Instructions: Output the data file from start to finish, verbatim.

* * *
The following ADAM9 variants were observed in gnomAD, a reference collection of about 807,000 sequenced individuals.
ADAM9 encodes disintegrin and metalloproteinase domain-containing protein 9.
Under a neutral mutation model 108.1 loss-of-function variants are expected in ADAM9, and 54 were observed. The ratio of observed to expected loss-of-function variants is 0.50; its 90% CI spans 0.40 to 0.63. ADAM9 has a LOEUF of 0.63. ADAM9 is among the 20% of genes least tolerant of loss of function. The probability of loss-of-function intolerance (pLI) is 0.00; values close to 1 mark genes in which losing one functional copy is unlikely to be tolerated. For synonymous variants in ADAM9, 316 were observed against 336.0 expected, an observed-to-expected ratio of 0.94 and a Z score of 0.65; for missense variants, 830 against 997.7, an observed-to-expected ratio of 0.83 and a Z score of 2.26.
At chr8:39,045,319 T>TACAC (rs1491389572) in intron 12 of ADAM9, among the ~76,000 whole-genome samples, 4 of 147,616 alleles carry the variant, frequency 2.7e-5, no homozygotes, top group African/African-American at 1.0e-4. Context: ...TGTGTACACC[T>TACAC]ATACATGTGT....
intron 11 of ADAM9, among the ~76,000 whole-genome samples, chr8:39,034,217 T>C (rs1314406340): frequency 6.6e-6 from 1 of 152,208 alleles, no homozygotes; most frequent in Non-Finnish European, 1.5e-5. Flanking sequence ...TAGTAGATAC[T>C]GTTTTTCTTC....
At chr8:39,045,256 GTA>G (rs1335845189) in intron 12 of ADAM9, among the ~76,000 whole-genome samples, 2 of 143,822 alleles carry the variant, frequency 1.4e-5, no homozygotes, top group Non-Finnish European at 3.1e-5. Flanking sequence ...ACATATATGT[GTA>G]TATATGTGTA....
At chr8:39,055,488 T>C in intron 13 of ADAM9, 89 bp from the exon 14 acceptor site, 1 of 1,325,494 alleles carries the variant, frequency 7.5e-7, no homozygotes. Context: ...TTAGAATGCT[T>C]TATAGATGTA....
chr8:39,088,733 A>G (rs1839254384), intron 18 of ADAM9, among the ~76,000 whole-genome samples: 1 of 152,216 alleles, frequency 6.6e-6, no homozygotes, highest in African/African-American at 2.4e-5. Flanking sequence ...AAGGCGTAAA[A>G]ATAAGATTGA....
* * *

The following ADAM9 variants were observed in gnomAD, a reference collection of about 807,000 sequenced individuals.
ADAM9 encodes disintegrin and metalloproteinase domain-containing protein 9.
Under a neutral mutation model 108.1 loss-of-function variants are expected in ADAM9, and 54 were observed. The ratio of observed to expected loss-of-function variants is 0.50; its 90% CI spans 0.40 to 0.63. ADAM9 has a LOEUF of 0.63. ADAM9 is among the 20% of genes least tolerant of loss of function. The probability of loss-of-function intolerance (pLI) is 0.00; values close to 1 mark genes in which losing one functional copy is unlikely to be tolerated. For synonymous variants in ADAM9, 316 were observed against 336.0 expected, an observed-to-expected ratio of 0.94 and a Z score of 0.65; for missense variants, 830 against 997.7, an observed-to-expected ratio of 0.83 and a Z score of 2.26.
At chr8:39,045,319 T>TACAC (rs1491389572) in intron 12 of ADAM9, among the ~76,000 whole-genome samples, 4 of 147,616 alleles carry the variant, frequency 2.7e-5, no homozygotes, top group African/African-American at 1.0e-4. Context: ...TGTGTACACC[T>TACAC]ATACATGTGT....
intron 11 of ADAM9, among the ~76,000 whole-genome samples, chr8:39,034,217 T>C (rs1314406340): frequency 6.6e-6 from 1 of 152,208 alleles, no homozygotes; most frequent in Non-Finnish European, 1.5e-5. Flanking sequence ...TAGTAGATAC[T>C]GTTTTTCTTC....
At chr8:39,045,256 GTA>G (rs1335845189) in intron 12 of ADAM9, among the ~76,000 whole-genome samples, 2 of 143,822 alleles carry the variant, frequency 1.4e-5, no homozygotes, top group Non-Finnish European at 3.1e-5. Flanking sequence ...ACATATATGT[GTA>G]TATATGTGTA....
At chr8:39,055,488 T>C in intron 13 of ADAM9, 89 bp from the exon 14 acceptor site, 1 of 1,325,494 alleles carries the variant, frequency 7.5e-7, no homozygotes. Context: ...TTAGAATGCT[T>C]TATAGATGTA....
chr8:39,088,733 A>G (rs1839254384), intron 18 of ADAM9, among the ~76,000 whole-genome samples: 1 of 152,216 alleles, frequency 6.6e-6, no homozygotes, highest in African/African-American at 2.4e-5. Flanking sequence ...AAGGCGTAAA[A>G]ATAAGATTGA....